In 1950 the "Mighty Mule" changed her home port to Norfolk, Virginia, joined the Atlantic Amphibious Force. While on the East coast the "MULE" participated in the amphibious landing in Beruit,Lebanon, Filming of the Academy Award winning film," The Longest Day", Exercise Checkmate II, MEDLANDEK 5-63, MEDLANK 1-63, FAIRGAME II.
In the early months of 1961 the Muliphen under the command of Capt. Thomas F. Saunders Jr. was underway from anchorage to sea in the Thimble Shoals Channel in a heavy fog, when it collided with a Greek collier ship named Chios. The Muliphen's damage was confined to her port bow. The bowswain's locker and a storeroom for the electrical equipment was ripped into. Above decks, an antiaircraft gun tub was crumpled. No one was below decks in the crushed compartments when the collision occurred. The Mule then tied up to the piers at N.O.B. for repairs.
While on active duty in the Mediterranean the Cuban crisis erupted and the situation put an added burden on the 6th Fleet. The MULIPHEN was pressed into two large scale amphibious assaults in preparation for extended deployment. The first was on a beachhead at Bomba, Libya, and the second at Porto Scudo, Sardinia. Coupled with five independent training exercises the two amphibious assaults kept the MULIPHEN crew and Marines busy and razor sharp for action. In June of 1964 the MULIPHEN with a compliment of 3rd Class Midshipman from the Naval Academy boarded for a repeat of a training exercise at Camp Pendleton, Virginia with a full compliment of Marines and equipment. She made seven landings in four days and was excellent training for the middies.
During the fall and winter months of 1965 the "MIGHTY MULE" would undergo a change brought on by its new Captain, Leonard M. Nearman (an "Airdale"); after many months of sketching, and engineering the MULIPHEN would be the first AKA to have a Portable Cargo Platform. On April 12, 1966 "Flight Quarters" was sounded and the final testing and approval began. The MULIPHEN Gators were greeted by a HU-4 Detachment one helicopter as she approached the "Mule" at anchorage. The VH-446A helo BuNo. 152492 piloted by Lt. W.C. Fury and Lt. M.J. Prait hovered with apparent ease over the cargo platform as she dispatched dummy cargo, light freight, and personnel during the 50 minute test and evaluation period. Captain Nearman also took an active part in the initial demonstration. While the quarterdeck bonged "Muliphen Departing" he was lifted by sling into the cabin of the helicopter and took the controls for a short period of time while inspecting the installation from the air. The successful demonstration of the cargo platform strikes a progressive blow for flexibility, mobility, and versatility among Atlantic Fleet APA's and AKA's of twenty year vintage. This project was financed through the ship's funds and constructed by ship personnel. It was a completely "in house" proposition. The platform itself encompasses an area of 600 sq.ft. and can be set up and disassembled in the time it takes of conduct the assault phase of a landing. The platform is not and was not used for a helicopter landing, only designed for receiving cargo and emergency medical evacuations.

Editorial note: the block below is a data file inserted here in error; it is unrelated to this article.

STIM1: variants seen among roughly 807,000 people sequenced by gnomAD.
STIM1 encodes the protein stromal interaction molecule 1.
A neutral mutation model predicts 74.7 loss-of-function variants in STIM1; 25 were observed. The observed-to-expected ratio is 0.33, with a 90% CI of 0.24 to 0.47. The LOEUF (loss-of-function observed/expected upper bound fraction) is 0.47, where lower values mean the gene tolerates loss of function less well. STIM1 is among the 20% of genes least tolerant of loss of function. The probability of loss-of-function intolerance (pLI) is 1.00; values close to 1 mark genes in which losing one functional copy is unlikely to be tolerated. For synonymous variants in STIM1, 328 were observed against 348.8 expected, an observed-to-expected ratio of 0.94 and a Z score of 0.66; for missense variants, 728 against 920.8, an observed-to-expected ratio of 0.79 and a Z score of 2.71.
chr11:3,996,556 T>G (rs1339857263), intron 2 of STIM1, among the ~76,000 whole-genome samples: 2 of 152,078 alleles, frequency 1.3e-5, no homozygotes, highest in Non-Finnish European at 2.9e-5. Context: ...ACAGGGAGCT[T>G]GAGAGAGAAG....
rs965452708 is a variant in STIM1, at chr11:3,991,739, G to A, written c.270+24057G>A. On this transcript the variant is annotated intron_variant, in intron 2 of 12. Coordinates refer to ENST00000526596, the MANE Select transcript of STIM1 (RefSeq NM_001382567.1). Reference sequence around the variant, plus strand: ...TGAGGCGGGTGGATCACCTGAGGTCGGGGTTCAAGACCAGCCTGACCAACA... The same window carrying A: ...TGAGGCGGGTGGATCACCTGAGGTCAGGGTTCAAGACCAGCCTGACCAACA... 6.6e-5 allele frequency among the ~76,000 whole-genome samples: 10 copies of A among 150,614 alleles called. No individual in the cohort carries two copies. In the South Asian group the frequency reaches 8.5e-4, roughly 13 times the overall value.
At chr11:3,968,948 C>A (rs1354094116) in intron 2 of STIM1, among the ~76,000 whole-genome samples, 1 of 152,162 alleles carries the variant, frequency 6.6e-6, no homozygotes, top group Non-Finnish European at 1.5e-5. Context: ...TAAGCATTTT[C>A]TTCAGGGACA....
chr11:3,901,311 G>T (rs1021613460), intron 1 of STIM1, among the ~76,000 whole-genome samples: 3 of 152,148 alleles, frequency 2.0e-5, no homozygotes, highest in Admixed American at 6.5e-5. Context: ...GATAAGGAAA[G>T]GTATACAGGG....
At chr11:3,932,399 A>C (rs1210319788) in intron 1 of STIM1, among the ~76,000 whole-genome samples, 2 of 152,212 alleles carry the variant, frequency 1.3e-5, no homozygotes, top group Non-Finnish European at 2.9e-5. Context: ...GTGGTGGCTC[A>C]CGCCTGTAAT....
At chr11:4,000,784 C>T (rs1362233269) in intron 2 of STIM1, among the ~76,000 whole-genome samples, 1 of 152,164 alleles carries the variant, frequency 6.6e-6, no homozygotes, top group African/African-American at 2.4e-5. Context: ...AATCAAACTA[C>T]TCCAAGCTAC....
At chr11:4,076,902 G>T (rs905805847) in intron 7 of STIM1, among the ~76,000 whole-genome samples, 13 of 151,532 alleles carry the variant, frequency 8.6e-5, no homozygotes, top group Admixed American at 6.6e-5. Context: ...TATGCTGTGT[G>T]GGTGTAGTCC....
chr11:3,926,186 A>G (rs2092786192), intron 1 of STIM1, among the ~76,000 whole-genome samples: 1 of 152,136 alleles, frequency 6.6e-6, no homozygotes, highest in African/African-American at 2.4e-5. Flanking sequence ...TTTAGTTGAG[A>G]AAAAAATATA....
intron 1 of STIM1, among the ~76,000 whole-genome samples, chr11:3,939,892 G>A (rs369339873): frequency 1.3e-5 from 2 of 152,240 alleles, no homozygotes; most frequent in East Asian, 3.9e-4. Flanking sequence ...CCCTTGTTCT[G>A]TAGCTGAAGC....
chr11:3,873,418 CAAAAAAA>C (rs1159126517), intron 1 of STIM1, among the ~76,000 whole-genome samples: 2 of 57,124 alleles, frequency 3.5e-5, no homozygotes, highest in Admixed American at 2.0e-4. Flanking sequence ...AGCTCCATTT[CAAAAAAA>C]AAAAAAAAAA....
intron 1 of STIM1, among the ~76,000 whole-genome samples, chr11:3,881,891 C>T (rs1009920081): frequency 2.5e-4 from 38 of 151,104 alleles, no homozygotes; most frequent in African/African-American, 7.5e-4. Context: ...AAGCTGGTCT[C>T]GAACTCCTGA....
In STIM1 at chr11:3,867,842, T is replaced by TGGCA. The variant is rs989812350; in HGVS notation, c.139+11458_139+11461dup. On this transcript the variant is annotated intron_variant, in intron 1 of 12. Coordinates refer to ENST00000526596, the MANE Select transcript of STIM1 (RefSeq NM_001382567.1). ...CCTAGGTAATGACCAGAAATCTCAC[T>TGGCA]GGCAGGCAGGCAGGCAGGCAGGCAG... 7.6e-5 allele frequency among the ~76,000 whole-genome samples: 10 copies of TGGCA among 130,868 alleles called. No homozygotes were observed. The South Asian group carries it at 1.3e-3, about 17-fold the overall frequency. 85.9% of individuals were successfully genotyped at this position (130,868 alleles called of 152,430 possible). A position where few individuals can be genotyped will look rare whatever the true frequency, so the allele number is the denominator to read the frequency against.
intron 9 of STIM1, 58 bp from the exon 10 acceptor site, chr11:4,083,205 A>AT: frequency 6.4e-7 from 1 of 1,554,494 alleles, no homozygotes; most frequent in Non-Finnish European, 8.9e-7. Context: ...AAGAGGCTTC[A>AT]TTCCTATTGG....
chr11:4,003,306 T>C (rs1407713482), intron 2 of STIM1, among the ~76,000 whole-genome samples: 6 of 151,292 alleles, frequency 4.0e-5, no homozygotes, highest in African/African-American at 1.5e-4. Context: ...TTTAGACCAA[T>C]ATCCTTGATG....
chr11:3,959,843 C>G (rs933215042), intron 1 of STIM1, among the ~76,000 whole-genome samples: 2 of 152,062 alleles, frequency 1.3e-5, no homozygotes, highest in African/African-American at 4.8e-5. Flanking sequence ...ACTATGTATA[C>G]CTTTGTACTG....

The year 1967 opened with the MULIPHEN in the Bethlehem Steel Yards, Baltimore, MD, undergoing a three month overhaul. Upon completion in early April. She was once again assigned to COMPHIBRON 4.
The new year 1968 found the "MULE" in San Juan, Puerto Rico on her normal Caribbean deployment. 3 September 1968 was a memorable day for the "MIGHTY MULE" for she performed burial at sea of P. R. PINCHING, HMC.
The USS MULIPHEN AKA-61 was re-classified as an LKA on January 1, 1969. Following an announcement in May 1970, “The Mighty Mule” was decommissioned Monday 28 August 1970 at Norfolk Naval Base, Pier 12 then under the command of Commander J.C. Blake and turned over to Captain R.B. Cowdrey skipper of the Naval Inactive Ships Maintenance Facility, Norfolk. The USS Muliphen LKA/AKA-61 boasted the longest continuous active duty vessel in the United States Navy. She was stricken from the naval reserve records on 01/01/77 and on 10/28/88 was disposed of by transfer to other Government Agencies, States, Schools, Sea Scouts, etc.
On 2 November 1988 the "Mighty Mule" was towed to Fort Pierce, FL inlet to be prepared for her final resting place off the shore as an artificial reef for fish. The Fort Pierce Sport Fishing Club made the arrangements. On 20 January 1989 she was scuttled, landing at about a 35-degree list to port side. She is located about 12 miles off shore between St. Lucie and Ft. Pierce Inlets. The coordinates are GPS N27.24.48-W80.00.91; Loran 43206.4-61958.0 in about 120 ft. of water to her upper deck.
The MULIPHEN earned two battle stars on the Asiatic Pacific Area Service Medal for the following operations:
<![if !vml]><![endif]>Iwo Jima<![if !vml]><![endif]>Okinawa